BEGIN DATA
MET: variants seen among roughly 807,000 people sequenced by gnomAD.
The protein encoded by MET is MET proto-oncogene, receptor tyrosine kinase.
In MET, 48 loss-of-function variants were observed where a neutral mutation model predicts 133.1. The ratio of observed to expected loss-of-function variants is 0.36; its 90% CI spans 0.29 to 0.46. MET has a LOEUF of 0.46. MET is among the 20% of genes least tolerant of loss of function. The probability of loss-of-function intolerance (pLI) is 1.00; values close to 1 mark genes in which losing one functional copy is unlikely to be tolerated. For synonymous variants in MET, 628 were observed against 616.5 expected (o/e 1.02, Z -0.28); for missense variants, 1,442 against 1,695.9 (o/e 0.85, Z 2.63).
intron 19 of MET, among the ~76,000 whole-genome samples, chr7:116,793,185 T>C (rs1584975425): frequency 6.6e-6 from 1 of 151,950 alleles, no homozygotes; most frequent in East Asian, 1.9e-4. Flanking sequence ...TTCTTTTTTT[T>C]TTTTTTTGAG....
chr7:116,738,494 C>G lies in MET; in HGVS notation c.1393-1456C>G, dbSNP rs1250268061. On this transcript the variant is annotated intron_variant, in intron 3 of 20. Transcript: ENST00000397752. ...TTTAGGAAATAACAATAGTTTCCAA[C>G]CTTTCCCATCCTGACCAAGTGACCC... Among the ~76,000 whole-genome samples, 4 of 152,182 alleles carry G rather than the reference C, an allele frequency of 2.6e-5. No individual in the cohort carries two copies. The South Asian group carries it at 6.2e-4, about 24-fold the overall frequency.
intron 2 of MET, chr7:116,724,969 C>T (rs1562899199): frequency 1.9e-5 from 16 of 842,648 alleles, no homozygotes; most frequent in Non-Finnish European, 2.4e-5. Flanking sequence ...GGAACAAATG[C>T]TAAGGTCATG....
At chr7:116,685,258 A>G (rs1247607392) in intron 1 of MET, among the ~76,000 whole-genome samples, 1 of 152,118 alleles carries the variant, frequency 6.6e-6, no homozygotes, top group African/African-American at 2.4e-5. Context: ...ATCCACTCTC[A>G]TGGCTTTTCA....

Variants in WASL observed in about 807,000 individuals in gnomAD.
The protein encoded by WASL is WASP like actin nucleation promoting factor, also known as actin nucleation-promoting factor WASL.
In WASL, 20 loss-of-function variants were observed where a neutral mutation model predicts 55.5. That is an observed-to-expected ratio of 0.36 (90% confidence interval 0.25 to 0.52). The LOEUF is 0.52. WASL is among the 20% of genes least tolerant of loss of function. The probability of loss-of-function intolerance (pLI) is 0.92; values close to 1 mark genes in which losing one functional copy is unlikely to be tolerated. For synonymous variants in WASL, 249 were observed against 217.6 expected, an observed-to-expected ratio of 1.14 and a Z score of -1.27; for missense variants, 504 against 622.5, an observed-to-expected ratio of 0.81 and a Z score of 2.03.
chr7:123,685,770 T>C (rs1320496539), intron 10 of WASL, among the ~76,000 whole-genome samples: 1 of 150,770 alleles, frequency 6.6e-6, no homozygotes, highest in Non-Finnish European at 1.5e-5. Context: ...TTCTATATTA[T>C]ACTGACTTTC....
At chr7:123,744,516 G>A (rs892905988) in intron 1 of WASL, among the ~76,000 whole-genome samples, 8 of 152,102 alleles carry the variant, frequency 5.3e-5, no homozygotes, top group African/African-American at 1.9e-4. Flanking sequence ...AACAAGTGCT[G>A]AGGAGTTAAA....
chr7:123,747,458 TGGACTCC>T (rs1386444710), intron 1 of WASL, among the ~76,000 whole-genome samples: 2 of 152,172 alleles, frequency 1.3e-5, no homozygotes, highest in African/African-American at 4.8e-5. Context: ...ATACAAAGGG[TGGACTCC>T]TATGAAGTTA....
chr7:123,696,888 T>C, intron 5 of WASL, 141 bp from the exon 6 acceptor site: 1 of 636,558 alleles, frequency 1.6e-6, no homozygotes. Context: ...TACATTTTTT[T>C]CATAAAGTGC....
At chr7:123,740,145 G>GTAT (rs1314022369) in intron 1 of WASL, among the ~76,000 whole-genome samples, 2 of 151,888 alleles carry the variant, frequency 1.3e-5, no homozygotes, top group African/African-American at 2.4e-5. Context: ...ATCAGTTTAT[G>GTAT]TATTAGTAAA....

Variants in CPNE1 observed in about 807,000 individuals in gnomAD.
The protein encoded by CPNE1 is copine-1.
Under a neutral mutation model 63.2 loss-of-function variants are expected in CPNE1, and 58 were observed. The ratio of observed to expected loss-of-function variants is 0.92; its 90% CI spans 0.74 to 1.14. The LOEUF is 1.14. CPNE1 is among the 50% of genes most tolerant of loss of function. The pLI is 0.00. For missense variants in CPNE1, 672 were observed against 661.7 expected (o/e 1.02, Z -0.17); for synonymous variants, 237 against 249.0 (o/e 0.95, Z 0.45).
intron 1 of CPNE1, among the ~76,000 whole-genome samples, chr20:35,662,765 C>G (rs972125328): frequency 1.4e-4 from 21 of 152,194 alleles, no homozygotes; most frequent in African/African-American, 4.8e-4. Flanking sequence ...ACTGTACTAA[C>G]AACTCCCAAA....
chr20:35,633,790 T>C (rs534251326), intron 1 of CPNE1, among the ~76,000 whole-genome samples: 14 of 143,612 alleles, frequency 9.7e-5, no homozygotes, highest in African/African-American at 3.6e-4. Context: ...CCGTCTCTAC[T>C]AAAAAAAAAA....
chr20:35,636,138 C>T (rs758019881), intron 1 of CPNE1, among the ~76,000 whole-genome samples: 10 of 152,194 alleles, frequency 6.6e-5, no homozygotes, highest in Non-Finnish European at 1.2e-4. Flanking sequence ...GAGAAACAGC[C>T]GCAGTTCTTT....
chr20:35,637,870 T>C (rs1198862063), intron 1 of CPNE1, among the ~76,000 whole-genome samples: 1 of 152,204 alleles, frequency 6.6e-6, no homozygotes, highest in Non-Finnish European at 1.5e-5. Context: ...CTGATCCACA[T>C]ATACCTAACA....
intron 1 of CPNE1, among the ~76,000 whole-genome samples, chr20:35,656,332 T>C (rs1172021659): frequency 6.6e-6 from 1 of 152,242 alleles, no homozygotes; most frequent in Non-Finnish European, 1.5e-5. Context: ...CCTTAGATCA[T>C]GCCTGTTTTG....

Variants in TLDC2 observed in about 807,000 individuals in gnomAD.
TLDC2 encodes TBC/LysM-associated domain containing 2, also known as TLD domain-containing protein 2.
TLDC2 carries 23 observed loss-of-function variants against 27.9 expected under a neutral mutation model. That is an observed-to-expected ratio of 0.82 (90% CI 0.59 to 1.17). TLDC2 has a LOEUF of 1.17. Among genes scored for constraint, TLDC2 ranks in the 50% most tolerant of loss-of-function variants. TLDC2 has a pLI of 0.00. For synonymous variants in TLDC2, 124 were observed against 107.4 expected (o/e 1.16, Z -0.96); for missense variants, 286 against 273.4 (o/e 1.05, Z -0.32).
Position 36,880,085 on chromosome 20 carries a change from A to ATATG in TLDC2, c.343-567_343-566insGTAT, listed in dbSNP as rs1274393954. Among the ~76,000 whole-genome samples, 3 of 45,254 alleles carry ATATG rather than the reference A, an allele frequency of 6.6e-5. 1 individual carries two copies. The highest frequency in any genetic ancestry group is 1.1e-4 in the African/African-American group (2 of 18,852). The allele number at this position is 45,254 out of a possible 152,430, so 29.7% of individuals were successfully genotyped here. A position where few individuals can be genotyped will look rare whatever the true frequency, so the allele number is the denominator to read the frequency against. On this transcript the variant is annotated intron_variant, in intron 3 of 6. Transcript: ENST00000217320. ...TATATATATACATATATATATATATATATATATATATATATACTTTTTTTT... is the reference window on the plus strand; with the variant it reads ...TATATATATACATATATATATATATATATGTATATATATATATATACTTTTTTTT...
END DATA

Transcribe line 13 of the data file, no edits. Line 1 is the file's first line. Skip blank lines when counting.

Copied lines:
chr7:123,747,458 TGGACTCC>T (rs1386444710), intron 1 of WASL, among the ~76,000 whole-genome samples: 2 of 152,172 alleles, frequency 1.3e-5, no homozygotes, highest in African/African-American at 4.8e-5. Context: ...ATACAAAGGG[TGGACTCC>T]TATGAAGTTA....